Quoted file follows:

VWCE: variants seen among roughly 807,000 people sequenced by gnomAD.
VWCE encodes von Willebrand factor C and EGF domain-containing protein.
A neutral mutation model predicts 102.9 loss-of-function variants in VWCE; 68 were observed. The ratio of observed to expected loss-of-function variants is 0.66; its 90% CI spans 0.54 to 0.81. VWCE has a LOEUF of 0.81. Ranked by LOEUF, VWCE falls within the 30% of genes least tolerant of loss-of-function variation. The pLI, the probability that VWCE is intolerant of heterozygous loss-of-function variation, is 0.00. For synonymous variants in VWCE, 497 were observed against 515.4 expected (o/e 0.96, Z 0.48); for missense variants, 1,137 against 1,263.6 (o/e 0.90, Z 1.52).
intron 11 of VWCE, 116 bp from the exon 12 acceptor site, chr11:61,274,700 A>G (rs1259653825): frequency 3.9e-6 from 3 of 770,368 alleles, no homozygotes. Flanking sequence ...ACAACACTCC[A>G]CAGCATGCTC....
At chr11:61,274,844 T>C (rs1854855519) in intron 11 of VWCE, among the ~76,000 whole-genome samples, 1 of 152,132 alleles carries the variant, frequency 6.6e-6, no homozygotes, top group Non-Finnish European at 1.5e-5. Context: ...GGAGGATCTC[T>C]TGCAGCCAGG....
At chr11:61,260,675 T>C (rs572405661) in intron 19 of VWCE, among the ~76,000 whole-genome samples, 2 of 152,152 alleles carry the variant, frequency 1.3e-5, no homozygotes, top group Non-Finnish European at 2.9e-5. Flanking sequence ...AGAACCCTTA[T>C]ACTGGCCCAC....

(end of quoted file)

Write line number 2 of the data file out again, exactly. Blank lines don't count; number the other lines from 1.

VWCE encodes von Willebrand factor C and EGF domain-containing protein.